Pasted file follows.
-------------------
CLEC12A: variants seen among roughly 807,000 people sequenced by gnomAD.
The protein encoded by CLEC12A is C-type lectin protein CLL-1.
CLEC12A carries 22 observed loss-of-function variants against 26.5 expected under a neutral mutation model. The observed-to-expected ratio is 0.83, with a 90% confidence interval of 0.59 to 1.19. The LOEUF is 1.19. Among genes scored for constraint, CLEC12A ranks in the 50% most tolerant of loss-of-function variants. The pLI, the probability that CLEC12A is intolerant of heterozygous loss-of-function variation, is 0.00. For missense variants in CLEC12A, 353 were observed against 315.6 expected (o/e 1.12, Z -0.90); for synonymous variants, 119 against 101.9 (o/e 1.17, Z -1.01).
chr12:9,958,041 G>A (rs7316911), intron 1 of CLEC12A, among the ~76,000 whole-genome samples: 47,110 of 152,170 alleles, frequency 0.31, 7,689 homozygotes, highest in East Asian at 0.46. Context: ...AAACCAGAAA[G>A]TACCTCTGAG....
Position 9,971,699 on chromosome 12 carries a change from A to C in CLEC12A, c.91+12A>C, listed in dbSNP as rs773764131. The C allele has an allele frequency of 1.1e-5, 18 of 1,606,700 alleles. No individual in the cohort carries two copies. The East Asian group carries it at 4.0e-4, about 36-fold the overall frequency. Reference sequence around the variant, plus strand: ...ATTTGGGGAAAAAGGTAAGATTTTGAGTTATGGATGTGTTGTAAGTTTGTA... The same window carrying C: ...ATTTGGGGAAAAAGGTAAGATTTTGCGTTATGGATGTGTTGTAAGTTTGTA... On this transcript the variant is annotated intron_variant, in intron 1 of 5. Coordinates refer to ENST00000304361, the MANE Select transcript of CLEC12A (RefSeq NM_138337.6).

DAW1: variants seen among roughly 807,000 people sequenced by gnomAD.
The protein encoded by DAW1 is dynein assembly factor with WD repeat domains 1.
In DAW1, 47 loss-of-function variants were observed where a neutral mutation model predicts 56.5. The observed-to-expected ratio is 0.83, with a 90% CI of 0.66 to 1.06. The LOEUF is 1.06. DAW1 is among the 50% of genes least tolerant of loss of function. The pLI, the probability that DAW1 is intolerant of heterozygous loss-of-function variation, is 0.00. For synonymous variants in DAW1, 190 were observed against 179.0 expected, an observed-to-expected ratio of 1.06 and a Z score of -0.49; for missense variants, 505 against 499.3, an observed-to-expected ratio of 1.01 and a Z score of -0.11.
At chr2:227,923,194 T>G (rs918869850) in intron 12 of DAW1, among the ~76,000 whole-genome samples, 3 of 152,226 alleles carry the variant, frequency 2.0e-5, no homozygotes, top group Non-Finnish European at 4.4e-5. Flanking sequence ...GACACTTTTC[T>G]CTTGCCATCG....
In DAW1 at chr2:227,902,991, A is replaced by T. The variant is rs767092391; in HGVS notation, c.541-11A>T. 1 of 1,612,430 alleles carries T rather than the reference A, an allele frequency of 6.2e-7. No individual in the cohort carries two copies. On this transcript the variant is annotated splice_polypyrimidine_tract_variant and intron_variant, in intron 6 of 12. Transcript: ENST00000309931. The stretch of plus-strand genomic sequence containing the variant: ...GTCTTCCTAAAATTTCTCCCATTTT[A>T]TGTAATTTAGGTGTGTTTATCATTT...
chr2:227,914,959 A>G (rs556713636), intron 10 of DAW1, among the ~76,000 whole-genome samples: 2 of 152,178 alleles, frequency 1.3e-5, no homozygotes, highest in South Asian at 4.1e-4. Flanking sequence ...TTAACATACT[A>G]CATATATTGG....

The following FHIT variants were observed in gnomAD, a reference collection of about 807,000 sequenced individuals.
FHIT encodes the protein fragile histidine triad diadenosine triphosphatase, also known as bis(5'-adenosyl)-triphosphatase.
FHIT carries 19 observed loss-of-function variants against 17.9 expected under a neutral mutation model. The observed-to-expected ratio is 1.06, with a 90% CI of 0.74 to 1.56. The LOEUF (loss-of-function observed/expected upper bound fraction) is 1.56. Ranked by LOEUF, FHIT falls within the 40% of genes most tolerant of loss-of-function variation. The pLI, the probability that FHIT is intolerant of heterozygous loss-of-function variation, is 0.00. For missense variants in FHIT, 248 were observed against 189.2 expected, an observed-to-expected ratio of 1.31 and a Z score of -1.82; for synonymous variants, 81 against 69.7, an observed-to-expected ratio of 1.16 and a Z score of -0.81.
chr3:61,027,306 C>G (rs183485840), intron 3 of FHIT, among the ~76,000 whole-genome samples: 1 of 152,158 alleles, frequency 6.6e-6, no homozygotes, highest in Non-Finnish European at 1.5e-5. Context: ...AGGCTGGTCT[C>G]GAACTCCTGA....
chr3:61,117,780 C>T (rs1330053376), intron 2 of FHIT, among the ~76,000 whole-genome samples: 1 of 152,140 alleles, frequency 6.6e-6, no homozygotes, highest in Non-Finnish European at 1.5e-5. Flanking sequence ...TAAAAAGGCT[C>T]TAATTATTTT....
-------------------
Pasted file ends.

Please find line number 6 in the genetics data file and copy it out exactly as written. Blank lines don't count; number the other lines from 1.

DAW1: variants seen among roughly 807,000 people sequenced by gnomAD.